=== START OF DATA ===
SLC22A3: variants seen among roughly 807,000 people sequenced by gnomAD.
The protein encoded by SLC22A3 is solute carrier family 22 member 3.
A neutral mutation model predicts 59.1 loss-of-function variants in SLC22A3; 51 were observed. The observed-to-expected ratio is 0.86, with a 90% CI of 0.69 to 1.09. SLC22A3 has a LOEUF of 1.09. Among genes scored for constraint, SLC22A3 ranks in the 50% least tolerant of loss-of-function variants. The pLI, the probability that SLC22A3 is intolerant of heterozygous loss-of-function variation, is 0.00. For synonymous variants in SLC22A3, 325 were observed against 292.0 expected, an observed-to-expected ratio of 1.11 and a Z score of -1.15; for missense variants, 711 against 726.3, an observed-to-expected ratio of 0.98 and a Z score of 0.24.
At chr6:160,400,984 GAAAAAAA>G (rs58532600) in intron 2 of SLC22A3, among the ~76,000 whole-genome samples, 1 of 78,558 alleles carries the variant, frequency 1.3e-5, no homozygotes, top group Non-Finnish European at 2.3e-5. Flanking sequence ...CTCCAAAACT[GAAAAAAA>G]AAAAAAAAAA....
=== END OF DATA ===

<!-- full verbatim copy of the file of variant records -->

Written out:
SLC22A3: variants seen among roughly 807,000 people sequenced by gnomAD.
The protein encoded by SLC22A3 is solute carrier family 22 member 3.
A neutral mutation model predicts 59.1 loss-of-function variants in SLC22A3; 51 were observed. The observed-to-expected ratio is 0.86, with a 90% CI of 0.69 to 1.09. SLC22A3 has a LOEUF of 1.09. Among genes scored for constraint, SLC22A3 ranks in the 50% least tolerant of loss-of-function variants. The pLI, the probability that SLC22A3 is intolerant of heterozygous loss-of-function variation, is 0.00. For synonymous variants in SLC22A3, 325 were observed against 292.0 expected, an observed-to-expected ratio of 1.11 and a Z score of -1.15; for missense variants, 711 against 726.3, an observed-to-expected ratio of 0.98 and a Z score of 0.24.
At chr6:160,400,984 GAAAAAAA>G (rs58532600) in intron 2 of SLC22A3, among the ~76,000 whole-genome samples, 1 of 78,558 alleles carries the variant, frequency 1.3e-5, no homozygotes, top group Non-Finnish European at 2.3e-5. Flanking sequence ...CTCCAAAACT[GAAAAAAA>G]AAAAAAAAAA....